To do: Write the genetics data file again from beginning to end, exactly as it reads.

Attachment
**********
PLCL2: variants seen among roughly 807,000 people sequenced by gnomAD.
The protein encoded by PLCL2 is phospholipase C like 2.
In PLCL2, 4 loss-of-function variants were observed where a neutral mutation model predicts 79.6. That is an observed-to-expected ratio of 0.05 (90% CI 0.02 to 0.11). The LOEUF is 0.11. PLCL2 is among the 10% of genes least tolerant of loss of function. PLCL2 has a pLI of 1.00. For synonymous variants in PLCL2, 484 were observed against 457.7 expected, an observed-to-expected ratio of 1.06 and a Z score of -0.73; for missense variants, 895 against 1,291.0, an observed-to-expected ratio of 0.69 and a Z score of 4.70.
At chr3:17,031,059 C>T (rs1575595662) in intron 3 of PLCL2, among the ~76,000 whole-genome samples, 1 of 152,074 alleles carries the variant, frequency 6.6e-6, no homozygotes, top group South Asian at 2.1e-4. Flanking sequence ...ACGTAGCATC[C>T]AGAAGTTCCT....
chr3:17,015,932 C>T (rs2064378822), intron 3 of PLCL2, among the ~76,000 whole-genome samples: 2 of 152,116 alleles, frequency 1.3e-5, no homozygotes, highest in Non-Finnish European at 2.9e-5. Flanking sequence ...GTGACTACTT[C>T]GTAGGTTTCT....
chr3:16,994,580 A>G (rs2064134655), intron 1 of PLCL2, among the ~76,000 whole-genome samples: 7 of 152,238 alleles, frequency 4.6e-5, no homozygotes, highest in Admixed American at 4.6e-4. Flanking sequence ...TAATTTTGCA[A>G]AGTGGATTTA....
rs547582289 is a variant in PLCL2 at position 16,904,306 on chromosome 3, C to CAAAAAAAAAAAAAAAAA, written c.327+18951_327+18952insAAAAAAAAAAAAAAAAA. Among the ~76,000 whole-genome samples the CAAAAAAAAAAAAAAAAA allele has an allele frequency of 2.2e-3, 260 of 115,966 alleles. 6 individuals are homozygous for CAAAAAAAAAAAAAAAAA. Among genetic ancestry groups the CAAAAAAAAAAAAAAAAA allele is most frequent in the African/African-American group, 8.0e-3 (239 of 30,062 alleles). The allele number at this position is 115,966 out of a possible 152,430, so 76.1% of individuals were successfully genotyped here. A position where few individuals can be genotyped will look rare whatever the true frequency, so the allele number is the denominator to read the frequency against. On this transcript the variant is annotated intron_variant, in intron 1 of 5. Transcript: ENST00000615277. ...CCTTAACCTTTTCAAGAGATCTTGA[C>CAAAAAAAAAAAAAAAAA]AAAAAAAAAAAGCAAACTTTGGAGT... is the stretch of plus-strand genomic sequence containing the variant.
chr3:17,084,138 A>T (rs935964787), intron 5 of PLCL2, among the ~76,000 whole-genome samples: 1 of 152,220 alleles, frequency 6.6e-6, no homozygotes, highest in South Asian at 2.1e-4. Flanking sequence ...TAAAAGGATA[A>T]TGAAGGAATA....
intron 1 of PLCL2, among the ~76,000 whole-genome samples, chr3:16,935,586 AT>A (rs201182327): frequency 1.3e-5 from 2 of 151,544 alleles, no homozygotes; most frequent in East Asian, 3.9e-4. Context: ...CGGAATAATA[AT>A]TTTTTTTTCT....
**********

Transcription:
PLCL2: variants seen among roughly 807,000 people sequenced by gnomAD.
The protein encoded by PLCL2 is phospholipase C like 2.
In PLCL2, 4 loss-of-function variants were observed where a neutral mutation model predicts 79.6. That is an observed-to-expected ratio of 0.05 (90% CI 0.02 to 0.11). The LOEUF is 0.11. PLCL2 is among the 10% of genes least tolerant of loss of function. PLCL2 has a pLI of 1.00. For synonymous variants in PLCL2, 484 were observed against 457.7 expected, an observed-to-expected ratio of 1.06 and a Z score of -0.73; for missense variants, 895 against 1,291.0, an observed-to-expected ratio of 0.69 and a Z score of 4.70.
At chr3:17,031,059 C>T (rs1575595662) in intron 3 of PLCL2, among the ~76,000 whole-genome samples, 1 of 152,074 alleles carries the variant, frequency 6.6e-6, no homozygotes, top group South Asian at 2.1e-4. Flanking sequence ...ACGTAGCATC[C>T]AGAAGTTCCT....
chr3:17,015,932 C>T (rs2064378822), intron 3 of PLCL2, among the ~76,000 whole-genome samples: 2 of 152,116 alleles, frequency 1.3e-5, no homozygotes, highest in Non-Finnish European at 2.9e-5. Flanking sequence ...GTGACTACTT[C>T]GTAGGTTTCT....
chr3:16,994,580 A>G (rs2064134655), intron 1 of PLCL2, among the ~76,000 whole-genome samples: 7 of 152,238 alleles, frequency 4.6e-5, no homozygotes, highest in Admixed American at 4.6e-4. Flanking sequence ...TAATTTTGCA[A>G]AGTGGATTTA....
rs547582289 is a variant in PLCL2 at position 16,904,306 on chromosome 3, C to CAAAAAAAAAAAAAAAAA, written c.327+18951_327+18952insAAAAAAAAAAAAAAAAA. Among the ~76,000 whole-genome samples the CAAAAAAAAAAAAAAAAA allele has an allele frequency of 2.2e-3, 260 of 115,966 alleles. 6 individuals are homozygous for CAAAAAAAAAAAAAAAAA. Among genetic ancestry groups the CAAAAAAAAAAAAAAAAA allele is most frequent in the African/African-American group, 8.0e-3 (239 of 30,062 alleles). The allele number at this position is 115,966 out of a possible 152,430, so 76.1% of individuals were successfully genotyped here. A position where few individuals can be genotyped will look rare whatever the true frequency, so the allele number is the denominator to read the frequency against. On this transcript the variant is annotated intron_variant, in intron 1 of 5. Transcript: ENST00000615277. ...CCTTAACCTTTTCAAGAGATCTTGA[C>CAAAAAAAAAAAAAAAAA]AAAAAAAAAAAGCAAACTTTGGAGT... is the stretch of plus-strand genomic sequence containing the variant.
chr3:17,084,138 A>T (rs935964787), intron 5 of PLCL2, among the ~76,000 whole-genome samples: 1 of 152,220 alleles, frequency 6.6e-6, no homozygotes, highest in South Asian at 2.1e-4. Flanking sequence ...TAAAAGGATA[A>T]TGAAGGAATA....
intron 1 of PLCL2, among the ~76,000 whole-genome samples, chr3:16,935,586 AT>A (rs201182327): frequency 1.3e-5 from 2 of 151,544 alleles, no homozygotes; most frequent in East Asian, 3.9e-4. Context: ...CGGAATAATA[AT>A]TTTTTTTTCT....